- The Washington Times - Wednesday, February 21, 2007

ABERDEEN, Md. — Maryland communities affected by the military’s Base Realignment and Closure plan will get the federal transportation and education aid they need, despite House Majority Leader Steny H. Hoyer’s warning last week that a tight federal budget might mean less money for such local aid, Sen. Barbara A. Mikulski said yesterday.

The federal funding that will help counties expand schools and roads ahead of a population influx will not come from earmarks, which are being cut, but from formula funding, which will not be affected by budget cuts, Miss Mikulski said.

“I am confident that the specific projects that are focused not only on Aberdeen, but all the Maryland projects, will be funded,” she said at a press conference yesterday after touring Aberdeen Proving Ground with Harford County Executive David R. Craig.

Miss Mikulski, a Democrat, has emphasized that she will fight for federal aid for Maryland communities affected by BRAC, and she said yesterday that she would seek to double the money the state will receive in what is known as “impact aid,” which funds school districts where children of military members are enrolled.

Harford County is expected to gain 12,712 jobs by 2011, according to a report paid for by the Department of Labor.

Last week, Mr. Hoyer, Maryland Democrat, said Maryland should be prepared to shoulder the bulk of the BRAC funding burden because it will benefit the state financially in the long run, an opportunity other states would “kill” for.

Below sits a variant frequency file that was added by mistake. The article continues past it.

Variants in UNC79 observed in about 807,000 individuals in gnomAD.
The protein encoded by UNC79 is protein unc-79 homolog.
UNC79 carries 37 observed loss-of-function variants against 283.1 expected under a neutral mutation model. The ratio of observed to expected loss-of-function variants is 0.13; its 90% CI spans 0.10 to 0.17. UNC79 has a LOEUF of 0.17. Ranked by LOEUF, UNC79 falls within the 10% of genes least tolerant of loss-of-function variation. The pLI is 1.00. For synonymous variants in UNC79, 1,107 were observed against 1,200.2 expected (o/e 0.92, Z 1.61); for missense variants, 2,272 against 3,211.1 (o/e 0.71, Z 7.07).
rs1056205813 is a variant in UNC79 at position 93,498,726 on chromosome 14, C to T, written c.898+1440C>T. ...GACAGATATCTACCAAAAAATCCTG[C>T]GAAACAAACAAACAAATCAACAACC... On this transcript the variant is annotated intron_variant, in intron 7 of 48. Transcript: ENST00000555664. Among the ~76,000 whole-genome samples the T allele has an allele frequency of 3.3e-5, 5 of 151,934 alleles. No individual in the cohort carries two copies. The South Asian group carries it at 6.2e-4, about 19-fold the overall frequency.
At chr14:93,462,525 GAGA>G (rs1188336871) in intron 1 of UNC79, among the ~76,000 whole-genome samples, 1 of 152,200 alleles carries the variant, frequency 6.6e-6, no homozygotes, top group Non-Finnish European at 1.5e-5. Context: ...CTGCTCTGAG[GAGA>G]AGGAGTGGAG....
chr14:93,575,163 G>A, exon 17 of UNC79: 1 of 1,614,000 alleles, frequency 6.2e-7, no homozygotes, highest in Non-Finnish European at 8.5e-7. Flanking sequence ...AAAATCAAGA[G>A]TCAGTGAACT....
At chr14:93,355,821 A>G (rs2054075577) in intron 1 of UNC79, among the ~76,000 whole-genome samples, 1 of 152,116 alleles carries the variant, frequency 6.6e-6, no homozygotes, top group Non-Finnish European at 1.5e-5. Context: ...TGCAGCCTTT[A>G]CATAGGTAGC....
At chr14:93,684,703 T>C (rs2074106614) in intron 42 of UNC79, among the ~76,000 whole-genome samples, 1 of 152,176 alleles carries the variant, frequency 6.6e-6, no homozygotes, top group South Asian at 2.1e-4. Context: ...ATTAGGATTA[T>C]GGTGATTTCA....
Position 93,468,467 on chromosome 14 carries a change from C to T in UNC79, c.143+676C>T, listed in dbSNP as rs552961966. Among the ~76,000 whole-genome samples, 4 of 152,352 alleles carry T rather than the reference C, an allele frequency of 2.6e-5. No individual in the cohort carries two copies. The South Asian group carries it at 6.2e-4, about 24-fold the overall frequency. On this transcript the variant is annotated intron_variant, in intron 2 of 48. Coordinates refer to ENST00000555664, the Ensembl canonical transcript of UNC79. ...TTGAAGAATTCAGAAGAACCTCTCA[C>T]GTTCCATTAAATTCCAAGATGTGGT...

Miss Mikulski suggested Mr. Hoyer might have been referring to earmarks when he made the comment.

Yesterday, a spokeswoman from his office said Mr. Hoyer was not suggesting that he would not be working with the Maryland congressional delegation to find funding opportunities, but simply was cautioning that federal contributions might be limited because of the tight fiscal reality.

President Bush’s budget for fiscal year 2008 freezes “impact aid” at $1.2 billion for the third year in a row. Miss Mikulski is a member of the Senate Impact Aid Coalition, which is seeking increased impact aid funding.

“Earmarks are small amounts of money,” Miss Mikulski said. “In some ways, it’s like playing bingo — we want to make sure we hit the jackpot. The more money we can get either available through the formula or shift the formula to meet our needs, we’re in a lot better shape.”

The formula funding is done on a per capita basis, she said, so the more employees gained by each base, the more money the county would gain.

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